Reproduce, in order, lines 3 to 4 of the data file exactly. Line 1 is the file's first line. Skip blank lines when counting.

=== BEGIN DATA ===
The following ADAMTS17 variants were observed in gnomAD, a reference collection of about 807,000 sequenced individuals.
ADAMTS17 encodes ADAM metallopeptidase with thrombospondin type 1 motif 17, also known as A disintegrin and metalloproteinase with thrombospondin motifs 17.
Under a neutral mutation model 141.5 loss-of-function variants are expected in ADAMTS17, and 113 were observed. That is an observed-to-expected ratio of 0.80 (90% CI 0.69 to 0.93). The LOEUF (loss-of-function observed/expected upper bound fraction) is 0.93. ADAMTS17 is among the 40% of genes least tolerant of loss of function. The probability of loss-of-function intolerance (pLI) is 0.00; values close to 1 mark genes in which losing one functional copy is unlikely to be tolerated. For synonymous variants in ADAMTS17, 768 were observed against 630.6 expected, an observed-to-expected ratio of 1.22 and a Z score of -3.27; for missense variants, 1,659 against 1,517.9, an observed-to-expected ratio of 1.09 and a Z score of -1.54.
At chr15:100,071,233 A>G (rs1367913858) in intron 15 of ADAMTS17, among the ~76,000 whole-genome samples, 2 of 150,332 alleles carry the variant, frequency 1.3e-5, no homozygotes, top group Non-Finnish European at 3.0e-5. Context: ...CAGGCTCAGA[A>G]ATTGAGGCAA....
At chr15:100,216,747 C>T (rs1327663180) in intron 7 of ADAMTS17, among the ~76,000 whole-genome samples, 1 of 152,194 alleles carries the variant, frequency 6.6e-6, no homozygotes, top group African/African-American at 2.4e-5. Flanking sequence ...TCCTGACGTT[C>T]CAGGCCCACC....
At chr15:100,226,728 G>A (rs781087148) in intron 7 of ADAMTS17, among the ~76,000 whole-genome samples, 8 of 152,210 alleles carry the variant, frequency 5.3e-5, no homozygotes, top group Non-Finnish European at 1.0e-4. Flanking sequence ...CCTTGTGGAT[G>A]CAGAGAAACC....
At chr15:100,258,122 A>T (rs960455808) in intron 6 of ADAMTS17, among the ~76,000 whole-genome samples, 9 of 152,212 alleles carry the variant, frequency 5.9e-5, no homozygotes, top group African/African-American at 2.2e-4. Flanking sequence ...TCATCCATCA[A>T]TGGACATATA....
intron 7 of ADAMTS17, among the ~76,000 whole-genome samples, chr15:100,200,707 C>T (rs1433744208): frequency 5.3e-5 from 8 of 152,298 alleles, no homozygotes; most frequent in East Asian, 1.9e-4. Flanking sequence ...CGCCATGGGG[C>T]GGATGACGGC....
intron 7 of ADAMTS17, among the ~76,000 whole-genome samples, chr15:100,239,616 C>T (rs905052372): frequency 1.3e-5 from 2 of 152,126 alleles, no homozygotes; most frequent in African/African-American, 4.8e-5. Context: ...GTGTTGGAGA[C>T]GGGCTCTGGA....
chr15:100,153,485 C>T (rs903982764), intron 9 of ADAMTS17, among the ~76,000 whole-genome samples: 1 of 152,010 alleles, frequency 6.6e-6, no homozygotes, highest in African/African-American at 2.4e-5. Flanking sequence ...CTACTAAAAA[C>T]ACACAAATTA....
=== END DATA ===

Under a neutral mutation model 141.5 loss-of-function variants are expected in ADAMTS17, and 113 were observed. That is an observed-to-expected ratio of 0.80 (90% CI 0.69 to 0.93). The LOEUF (loss-of-function observed/expected upper bound fraction) is 0.93. ADAMTS17 is among the 40% of genes least tolerant of loss of function. The probability of loss-of-function intolerance (pLI) is 0.00; values close to 1 mark genes in which losing one functional copy is unlikely to be tolerated. For synonymous variants in ADAMTS17, 768 were observed against 630.6 expected, an observed-to-expected ratio of 1.22 and a Z score of -3.27; for missense variants, 1,659 against 1,517.9, an observed-to-expected ratio of 1.09 and a Z score of -1.54.
At chr15:100,071,233 A>G (rs1367913858) in intron 15 of ADAMTS17, among the ~76,000 whole-genome samples, 2 of 150,332 alleles carry the variant, frequency 1.3e-5, no homozygotes, top group Non-Finnish European at 3.0e-5. Context: ...CAGGCTCAGA[A>G]ATTGAGGCAA....